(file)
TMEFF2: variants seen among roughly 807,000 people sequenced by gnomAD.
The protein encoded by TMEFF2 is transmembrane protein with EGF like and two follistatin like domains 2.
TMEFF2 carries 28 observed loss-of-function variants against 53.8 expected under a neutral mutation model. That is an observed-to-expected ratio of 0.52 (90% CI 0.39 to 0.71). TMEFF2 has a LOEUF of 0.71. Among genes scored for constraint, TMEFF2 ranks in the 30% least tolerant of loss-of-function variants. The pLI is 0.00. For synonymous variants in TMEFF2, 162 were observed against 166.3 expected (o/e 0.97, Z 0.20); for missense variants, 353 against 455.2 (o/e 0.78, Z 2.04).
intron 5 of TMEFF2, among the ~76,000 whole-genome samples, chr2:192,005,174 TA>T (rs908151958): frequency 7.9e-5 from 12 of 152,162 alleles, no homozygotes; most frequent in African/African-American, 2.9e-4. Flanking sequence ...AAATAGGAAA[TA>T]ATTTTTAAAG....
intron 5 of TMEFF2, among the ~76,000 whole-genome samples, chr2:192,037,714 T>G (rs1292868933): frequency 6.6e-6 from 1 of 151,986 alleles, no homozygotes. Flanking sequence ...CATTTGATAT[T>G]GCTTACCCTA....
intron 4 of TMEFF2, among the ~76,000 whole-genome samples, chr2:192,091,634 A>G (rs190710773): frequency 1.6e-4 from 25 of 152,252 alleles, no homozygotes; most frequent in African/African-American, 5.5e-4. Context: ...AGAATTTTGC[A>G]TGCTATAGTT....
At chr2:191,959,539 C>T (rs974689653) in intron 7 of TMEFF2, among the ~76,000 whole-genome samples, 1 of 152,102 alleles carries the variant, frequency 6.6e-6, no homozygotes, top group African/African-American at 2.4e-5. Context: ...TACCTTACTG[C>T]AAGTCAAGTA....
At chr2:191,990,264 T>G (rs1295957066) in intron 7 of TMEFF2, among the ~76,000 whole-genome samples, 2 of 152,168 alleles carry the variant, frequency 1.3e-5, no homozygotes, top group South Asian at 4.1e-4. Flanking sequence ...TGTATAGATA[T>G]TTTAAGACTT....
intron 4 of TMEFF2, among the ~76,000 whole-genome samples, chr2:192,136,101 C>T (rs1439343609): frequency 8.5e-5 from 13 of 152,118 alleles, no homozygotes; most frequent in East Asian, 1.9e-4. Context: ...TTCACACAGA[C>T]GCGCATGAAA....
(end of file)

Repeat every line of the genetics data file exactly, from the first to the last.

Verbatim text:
TMEFF2: variants seen among roughly 807,000 people sequenced by gnomAD.
The protein encoded by TMEFF2 is transmembrane protein with EGF like and two follistatin like domains 2.
TMEFF2 carries 28 observed loss-of-function variants against 53.8 expected under a neutral mutation model. That is an observed-to-expected ratio of 0.52 (90% CI 0.39 to 0.71). TMEFF2 has a LOEUF of 0.71. Among genes scored for constraint, TMEFF2 ranks in the 30% least tolerant of loss-of-function variants. The pLI is 0.00. For synonymous variants in TMEFF2, 162 were observed against 166.3 expected (o/e 0.97, Z 0.20); for missense variants, 353 against 455.2 (o/e 0.78, Z 2.04).
intron 5 of TMEFF2, among the ~76,000 whole-genome samples, chr2:192,005,174 TA>T (rs908151958): frequency 7.9e-5 from 12 of 152,162 alleles, no homozygotes; most frequent in African/African-American, 2.9e-4. Flanking sequence ...AAATAGGAAA[TA>T]ATTTTTAAAG....
intron 5 of TMEFF2, among the ~76,000 whole-genome samples, chr2:192,037,714 T>G (rs1292868933): frequency 6.6e-6 from 1 of 151,986 alleles, no homozygotes. Flanking sequence ...CATTTGATAT[T>G]GCTTACCCTA....
intron 4 of TMEFF2, among the ~76,000 whole-genome samples, chr2:192,091,634 A>G (rs190710773): frequency 1.6e-4 from 25 of 152,252 alleles, no homozygotes; most frequent in African/African-American, 5.5e-4. Context: ...AGAATTTTGC[A>G]TGCTATAGTT....
At chr2:191,959,539 C>T (rs974689653) in intron 7 of TMEFF2, among the ~76,000 whole-genome samples, 1 of 152,102 alleles carries the variant, frequency 6.6e-6, no homozygotes, top group African/African-American at 2.4e-5. Context: ...TACCTTACTG[C>T]AAGTCAAGTA....
At chr2:191,990,264 T>G (rs1295957066) in intron 7 of TMEFF2, among the ~76,000 whole-genome samples, 2 of 152,168 alleles carry the variant, frequency 1.3e-5, no homozygotes, top group South Asian at 4.1e-4. Flanking sequence ...TGTATAGATA[T>G]TTTAAGACTT....
intron 4 of TMEFF2, among the ~76,000 whole-genome samples, chr2:192,136,101 C>T (rs1439343609): frequency 8.5e-5 from 13 of 152,118 alleles, no homozygotes; most frequent in East Asian, 1.9e-4. Context: ...TTCACACAGA[C>T]GCGCATGAAA....